Like many of you, I have marked the first anniversary of Rob Ford’s performance as mayor of our city with concern. The rapid decline in popular support of Ford is not surprising to city hall watchers, who witnessed his behaviour for the past 10 years as a city councillor. He is what he is, and he is living up to expectations. While it might be satisfying to say, “we told you so” to his disillusioned backers who over the past year have been dropping him faster than a hot Ferris wheel in the polls, it really does not address the issue of where we go from here.
The one thing I am confident about is the people of Toronto are learning that Ford’s contention of gravy and solutions to our city’s fiscal problems is wrong. Even with a highly reputable auditing company doing his work to analyze the city finances, no gravy was found. Either Ford was unaware or purposely ignored the fact that 90 percent of all city expenditures are mandated by provincial legislation and regulations. So where has that left us? In light of this fact, it was never about gravy, but a philosophical position to win the hearts and minds of the public. The emperor has no clothes now and what Ford is offering is a significant reduction in citywide services and the wholesale sell-off of our strategic investments and assets. Ford has learned the people of Toronto have little appetite for the dismantling of the public services that have made this city one of the most liveable in the world. He is now trying to meet our fiscal challenges, exacerbated by his ill-advised tax cuts of last year, through the selling off of Enwave, a portion of Toronto Hydro, the Toronto Parking Authority and very valuable public real estate assets and the privatization of public services. Thankfully, the Ford brothers’ recent development proposal for the eastern waterfront, primarily to benefit the private development industry, was wholly rejected by the people of Toronto. Similarly, I would suggest the selling off of these public strategic investments and privatization proposals should be rejected. Like business, investments have been made by the city in these agencies with public dollars to ensure a return on the public’s investment. The value of these publicly funded and nurtured investments are being eyed by private business because they are widely acknowledged for their great valuable and revenue-earning potential. Torontonians benefit from these planned, hard-earned, long-term, revenue-generating investments.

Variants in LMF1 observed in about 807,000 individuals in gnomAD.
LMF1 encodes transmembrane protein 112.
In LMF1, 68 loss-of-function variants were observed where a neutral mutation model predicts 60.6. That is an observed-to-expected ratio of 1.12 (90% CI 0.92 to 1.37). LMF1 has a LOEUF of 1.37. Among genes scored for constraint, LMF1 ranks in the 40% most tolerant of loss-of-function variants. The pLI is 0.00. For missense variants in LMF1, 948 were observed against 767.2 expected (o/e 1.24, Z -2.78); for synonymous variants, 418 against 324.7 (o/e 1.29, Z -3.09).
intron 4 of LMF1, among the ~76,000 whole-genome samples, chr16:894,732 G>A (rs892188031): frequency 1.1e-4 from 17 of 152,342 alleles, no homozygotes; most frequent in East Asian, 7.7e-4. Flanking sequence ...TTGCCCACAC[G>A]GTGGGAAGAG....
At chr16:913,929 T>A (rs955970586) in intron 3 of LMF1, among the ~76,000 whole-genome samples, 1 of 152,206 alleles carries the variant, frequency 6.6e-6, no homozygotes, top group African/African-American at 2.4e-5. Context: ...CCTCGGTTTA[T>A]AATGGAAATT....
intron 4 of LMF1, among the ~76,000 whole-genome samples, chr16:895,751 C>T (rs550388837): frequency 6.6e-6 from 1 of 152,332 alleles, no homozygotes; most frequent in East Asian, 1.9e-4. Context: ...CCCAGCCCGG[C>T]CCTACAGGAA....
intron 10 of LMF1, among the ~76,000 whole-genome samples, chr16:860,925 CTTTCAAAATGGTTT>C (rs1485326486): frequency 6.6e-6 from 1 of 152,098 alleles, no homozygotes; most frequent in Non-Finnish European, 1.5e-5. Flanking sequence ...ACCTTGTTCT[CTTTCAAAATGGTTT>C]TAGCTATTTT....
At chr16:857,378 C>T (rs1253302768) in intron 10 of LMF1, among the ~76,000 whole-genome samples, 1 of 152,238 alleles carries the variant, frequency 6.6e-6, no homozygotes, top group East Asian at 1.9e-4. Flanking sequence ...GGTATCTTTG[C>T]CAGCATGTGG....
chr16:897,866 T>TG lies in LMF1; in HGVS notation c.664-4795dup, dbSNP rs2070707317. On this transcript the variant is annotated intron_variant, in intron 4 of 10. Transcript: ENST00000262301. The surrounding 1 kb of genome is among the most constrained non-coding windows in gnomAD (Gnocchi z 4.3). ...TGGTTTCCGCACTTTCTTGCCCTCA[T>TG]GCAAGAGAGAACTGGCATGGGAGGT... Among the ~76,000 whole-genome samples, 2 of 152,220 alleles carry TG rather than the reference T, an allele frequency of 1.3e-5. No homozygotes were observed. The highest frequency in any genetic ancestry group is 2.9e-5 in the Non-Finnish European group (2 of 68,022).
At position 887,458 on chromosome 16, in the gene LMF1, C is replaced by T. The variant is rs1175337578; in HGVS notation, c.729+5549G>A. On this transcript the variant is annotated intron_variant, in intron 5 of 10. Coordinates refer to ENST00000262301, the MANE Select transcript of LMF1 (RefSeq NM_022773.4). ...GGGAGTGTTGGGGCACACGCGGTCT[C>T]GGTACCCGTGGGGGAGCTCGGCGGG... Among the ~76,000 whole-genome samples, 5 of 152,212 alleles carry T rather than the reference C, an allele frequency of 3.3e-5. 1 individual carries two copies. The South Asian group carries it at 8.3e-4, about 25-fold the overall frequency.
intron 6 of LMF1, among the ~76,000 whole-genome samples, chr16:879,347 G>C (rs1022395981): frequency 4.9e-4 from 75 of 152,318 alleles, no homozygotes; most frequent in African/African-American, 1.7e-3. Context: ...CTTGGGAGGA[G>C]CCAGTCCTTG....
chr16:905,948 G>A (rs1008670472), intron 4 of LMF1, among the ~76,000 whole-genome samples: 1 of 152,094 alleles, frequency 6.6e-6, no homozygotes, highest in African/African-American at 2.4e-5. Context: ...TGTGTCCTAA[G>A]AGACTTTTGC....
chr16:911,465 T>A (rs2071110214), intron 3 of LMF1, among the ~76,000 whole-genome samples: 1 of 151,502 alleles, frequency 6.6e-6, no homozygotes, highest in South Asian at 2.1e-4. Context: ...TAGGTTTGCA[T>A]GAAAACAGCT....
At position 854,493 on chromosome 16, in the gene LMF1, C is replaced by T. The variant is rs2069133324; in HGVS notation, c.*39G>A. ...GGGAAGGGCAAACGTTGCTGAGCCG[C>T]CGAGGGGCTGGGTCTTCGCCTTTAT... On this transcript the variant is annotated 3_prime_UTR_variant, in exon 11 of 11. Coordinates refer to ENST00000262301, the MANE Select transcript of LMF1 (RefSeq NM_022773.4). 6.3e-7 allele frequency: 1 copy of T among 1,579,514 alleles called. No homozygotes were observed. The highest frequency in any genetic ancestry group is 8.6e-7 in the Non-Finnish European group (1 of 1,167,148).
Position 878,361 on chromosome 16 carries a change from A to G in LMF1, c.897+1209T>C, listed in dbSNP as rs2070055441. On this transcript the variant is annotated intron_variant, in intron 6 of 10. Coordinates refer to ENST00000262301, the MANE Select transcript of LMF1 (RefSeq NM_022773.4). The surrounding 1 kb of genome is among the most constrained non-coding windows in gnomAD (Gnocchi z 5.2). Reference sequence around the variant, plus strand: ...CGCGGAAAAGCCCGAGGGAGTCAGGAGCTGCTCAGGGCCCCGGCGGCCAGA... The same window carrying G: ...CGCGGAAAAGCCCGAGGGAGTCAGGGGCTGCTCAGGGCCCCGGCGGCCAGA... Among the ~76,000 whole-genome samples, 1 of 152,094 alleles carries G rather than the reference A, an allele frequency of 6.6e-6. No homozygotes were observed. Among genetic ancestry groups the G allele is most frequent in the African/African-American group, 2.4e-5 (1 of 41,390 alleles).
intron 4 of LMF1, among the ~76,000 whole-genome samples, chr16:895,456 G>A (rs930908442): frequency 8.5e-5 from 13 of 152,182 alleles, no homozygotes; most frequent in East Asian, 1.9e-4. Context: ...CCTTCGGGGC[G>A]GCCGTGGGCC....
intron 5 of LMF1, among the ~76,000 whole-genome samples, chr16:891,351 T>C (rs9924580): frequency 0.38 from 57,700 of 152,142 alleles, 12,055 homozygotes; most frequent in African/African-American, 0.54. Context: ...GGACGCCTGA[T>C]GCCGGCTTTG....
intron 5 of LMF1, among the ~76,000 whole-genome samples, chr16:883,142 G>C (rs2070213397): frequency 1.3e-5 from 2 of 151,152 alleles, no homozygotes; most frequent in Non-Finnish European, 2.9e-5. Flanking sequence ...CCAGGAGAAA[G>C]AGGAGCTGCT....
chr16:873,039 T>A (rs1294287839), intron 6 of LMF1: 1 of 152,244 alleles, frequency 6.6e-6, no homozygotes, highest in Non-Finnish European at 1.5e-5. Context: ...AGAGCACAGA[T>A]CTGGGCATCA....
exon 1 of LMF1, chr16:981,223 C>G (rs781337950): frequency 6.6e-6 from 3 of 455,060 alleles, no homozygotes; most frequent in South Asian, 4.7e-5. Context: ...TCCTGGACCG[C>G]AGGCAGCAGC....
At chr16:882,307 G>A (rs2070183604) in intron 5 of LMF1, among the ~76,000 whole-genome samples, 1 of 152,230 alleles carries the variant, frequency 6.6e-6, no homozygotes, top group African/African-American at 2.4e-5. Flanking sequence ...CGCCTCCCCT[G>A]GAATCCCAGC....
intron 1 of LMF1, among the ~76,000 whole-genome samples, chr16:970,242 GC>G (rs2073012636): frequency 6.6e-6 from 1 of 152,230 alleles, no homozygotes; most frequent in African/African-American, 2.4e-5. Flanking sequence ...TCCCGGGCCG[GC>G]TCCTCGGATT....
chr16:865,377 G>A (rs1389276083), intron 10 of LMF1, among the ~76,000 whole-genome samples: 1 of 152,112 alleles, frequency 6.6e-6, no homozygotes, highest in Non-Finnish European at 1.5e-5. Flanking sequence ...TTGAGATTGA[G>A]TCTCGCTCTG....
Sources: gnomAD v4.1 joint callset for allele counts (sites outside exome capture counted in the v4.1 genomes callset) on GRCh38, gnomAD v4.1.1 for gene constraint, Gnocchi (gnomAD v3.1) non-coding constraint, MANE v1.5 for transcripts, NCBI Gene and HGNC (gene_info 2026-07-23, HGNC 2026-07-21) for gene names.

Where does that leave us? We need a change in perspective and focus on where the problem really exists. The problem is the funding of cities. We do not have a fiscal problem — we have a revenue problem. We can not continue to support a modern municipality on the property tax base and receive short-term rescue funding from the province from time to time. Cities are created as creatures of the province and have far outgrown this status. The people of Toronto need to recognize this. We need to stop beating each other up to ensure the continuation or discontinuation of services we usually take for granted because of an arcane funding model.
In the recent provincial election, Toronto elected an overwhelming number of Liberal MPPs. In part it was with recognition that the cut and burn policies of Ford were echoed by the Conservative Party platform. It’s high time the province stepped up to the plate, to take back programs that it should fund, such as the provincial court services, welfare, housing, and transit. The hard reality is only five to six percent of all provincial and federal tax dollars paid by residents of the city come back to the city. We need a fair deal. We are the economic engine of the country.
There needs to be a wider focus on this aspect of city financing. The newly elected mayor of Calgary has taken on the leadership position of former mayor David Miller to lead the charge for a fair municipal funding model. In this context, the Ford approach becomes irrelevant — leaning on cuts, rationalization of services and city deconstruction. Otherwise, the real work of creating a modern, thriving city will be put on hold to our collective detriment.
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